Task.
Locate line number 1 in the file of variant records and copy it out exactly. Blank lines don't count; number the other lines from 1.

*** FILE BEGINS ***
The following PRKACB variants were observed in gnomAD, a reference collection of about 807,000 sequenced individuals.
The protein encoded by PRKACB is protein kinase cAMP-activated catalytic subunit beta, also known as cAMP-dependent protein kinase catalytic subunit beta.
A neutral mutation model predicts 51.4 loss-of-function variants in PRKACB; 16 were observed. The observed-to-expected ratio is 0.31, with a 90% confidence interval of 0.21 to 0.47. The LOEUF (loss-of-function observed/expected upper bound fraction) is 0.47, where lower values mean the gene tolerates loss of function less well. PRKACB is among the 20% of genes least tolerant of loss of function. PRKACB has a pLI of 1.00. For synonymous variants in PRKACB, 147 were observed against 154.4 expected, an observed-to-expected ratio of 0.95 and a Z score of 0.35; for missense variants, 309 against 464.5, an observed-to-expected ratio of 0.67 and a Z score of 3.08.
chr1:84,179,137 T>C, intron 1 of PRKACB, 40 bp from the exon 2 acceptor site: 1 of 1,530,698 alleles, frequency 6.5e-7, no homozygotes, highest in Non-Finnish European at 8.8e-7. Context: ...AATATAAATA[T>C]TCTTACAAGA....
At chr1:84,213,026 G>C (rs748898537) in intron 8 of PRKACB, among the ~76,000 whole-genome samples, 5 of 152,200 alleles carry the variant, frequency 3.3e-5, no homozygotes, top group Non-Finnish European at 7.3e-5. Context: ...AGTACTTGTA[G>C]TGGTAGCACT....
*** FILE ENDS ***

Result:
The following PRKACB variants were observed in gnomAD, a reference collection of about 807,000 sequenced individuals.